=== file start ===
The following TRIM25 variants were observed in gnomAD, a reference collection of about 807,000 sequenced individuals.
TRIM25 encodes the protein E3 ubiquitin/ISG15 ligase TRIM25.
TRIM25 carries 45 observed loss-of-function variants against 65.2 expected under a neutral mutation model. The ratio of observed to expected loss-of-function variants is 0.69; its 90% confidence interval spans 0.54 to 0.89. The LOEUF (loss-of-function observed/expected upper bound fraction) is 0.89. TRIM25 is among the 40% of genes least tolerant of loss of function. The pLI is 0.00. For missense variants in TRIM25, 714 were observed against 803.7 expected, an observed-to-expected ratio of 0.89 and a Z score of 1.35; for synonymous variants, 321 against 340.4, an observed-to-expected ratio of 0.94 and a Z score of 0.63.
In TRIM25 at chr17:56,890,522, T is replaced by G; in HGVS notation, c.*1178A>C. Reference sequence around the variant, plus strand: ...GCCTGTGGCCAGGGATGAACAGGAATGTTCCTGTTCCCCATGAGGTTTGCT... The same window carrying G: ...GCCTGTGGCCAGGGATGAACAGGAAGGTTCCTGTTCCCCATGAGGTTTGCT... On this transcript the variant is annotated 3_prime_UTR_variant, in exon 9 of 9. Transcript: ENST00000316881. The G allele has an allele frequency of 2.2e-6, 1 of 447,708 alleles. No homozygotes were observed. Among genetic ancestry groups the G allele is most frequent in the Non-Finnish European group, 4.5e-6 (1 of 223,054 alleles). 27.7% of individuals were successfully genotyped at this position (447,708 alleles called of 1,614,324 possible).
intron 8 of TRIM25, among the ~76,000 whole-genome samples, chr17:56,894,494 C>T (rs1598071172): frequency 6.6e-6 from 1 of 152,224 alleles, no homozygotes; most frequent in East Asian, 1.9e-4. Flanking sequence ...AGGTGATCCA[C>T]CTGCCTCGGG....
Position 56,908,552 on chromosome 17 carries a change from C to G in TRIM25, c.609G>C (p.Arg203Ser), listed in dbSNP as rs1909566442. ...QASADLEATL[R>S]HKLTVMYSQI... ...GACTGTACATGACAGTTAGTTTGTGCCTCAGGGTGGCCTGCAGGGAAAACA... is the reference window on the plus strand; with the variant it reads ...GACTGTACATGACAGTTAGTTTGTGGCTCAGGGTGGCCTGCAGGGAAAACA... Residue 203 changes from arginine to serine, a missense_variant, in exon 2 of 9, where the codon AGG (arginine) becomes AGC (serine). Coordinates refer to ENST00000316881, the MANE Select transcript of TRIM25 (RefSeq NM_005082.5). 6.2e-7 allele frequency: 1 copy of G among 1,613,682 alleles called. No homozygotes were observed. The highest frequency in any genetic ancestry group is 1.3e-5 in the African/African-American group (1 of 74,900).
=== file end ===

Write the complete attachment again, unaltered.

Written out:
The following TRIM25 variants were observed in gnomAD, a reference collection of about 807,000 sequenced individuals.
TRIM25 encodes the protein E3 ubiquitin/ISG15 ligase TRIM25.
TRIM25 carries 45 observed loss-of-function variants against 65.2 expected under a neutral mutation model. The ratio of observed to expected loss-of-function variants is 0.69; its 90% confidence interval spans 0.54 to 0.89. The LOEUF (loss-of-function observed/expected upper bound fraction) is 0.89. TRIM25 is among the 40% of genes least tolerant of loss of function. The pLI is 0.00. For missense variants in TRIM25, 714 were observed against 803.7 expected, an observed-to-expected ratio of 0.89 and a Z score of 1.35; for synonymous variants, 321 against 340.4, an observed-to-expected ratio of 0.94 and a Z score of 0.63.
In TRIM25 at chr17:56,890,522, T is replaced by G; in HGVS notation, c.*1178A>C. Reference sequence around the variant, plus strand: ...GCCTGTGGCCAGGGATGAACAGGAATGTTCCTGTTCCCCATGAGGTTTGCT... The same window carrying G: ...GCCTGTGGCCAGGGATGAACAGGAAGGTTCCTGTTCCCCATGAGGTTTGCT... On this transcript the variant is annotated 3_prime_UTR_variant, in exon 9 of 9. Transcript: ENST00000316881. The G allele has an allele frequency of 2.2e-6, 1 of 447,708 alleles. No homozygotes were observed. Among genetic ancestry groups the G allele is most frequent in the Non-Finnish European group, 4.5e-6 (1 of 223,054 alleles). 27.7% of individuals were successfully genotyped at this position (447,708 alleles called of 1,614,324 possible).
intron 8 of TRIM25, among the ~76,000 whole-genome samples, chr17:56,894,494 C>T (rs1598071172): frequency 6.6e-6 from 1 of 152,224 alleles, no homozygotes; most frequent in East Asian, 1.9e-4. Flanking sequence ...AGGTGATCCA[C>T]CTGCCTCGGG....
Position 56,908,552 on chromosome 17 carries a change from C to G in TRIM25, c.609G>C (p.Arg203Ser), listed in dbSNP as rs1909566442. ...QASADLEATL[R>S]HKLTVMYSQI... ...GACTGTACATGACAGTTAGTTTGTGCCTCAGGGTGGCCTGCAGGGAAAACA... is the reference window on the plus strand; with the variant it reads ...GACTGTACATGACAGTTAGTTTGTGGCTCAGGGTGGCCTGCAGGGAAAACA... Residue 203 changes from arginine to serine, a missense_variant, in exon 2 of 9, where the codon AGG (arginine) becomes AGC (serine). Coordinates refer to ENST00000316881, the MANE Select transcript of TRIM25 (RefSeq NM_005082.5). 6.2e-7 allele frequency: 1 copy of G among 1,613,682 alleles called. No homozygotes were observed. The highest frequency in any genetic ancestry group is 1.3e-5 in the African/African-American group (1 of 74,900).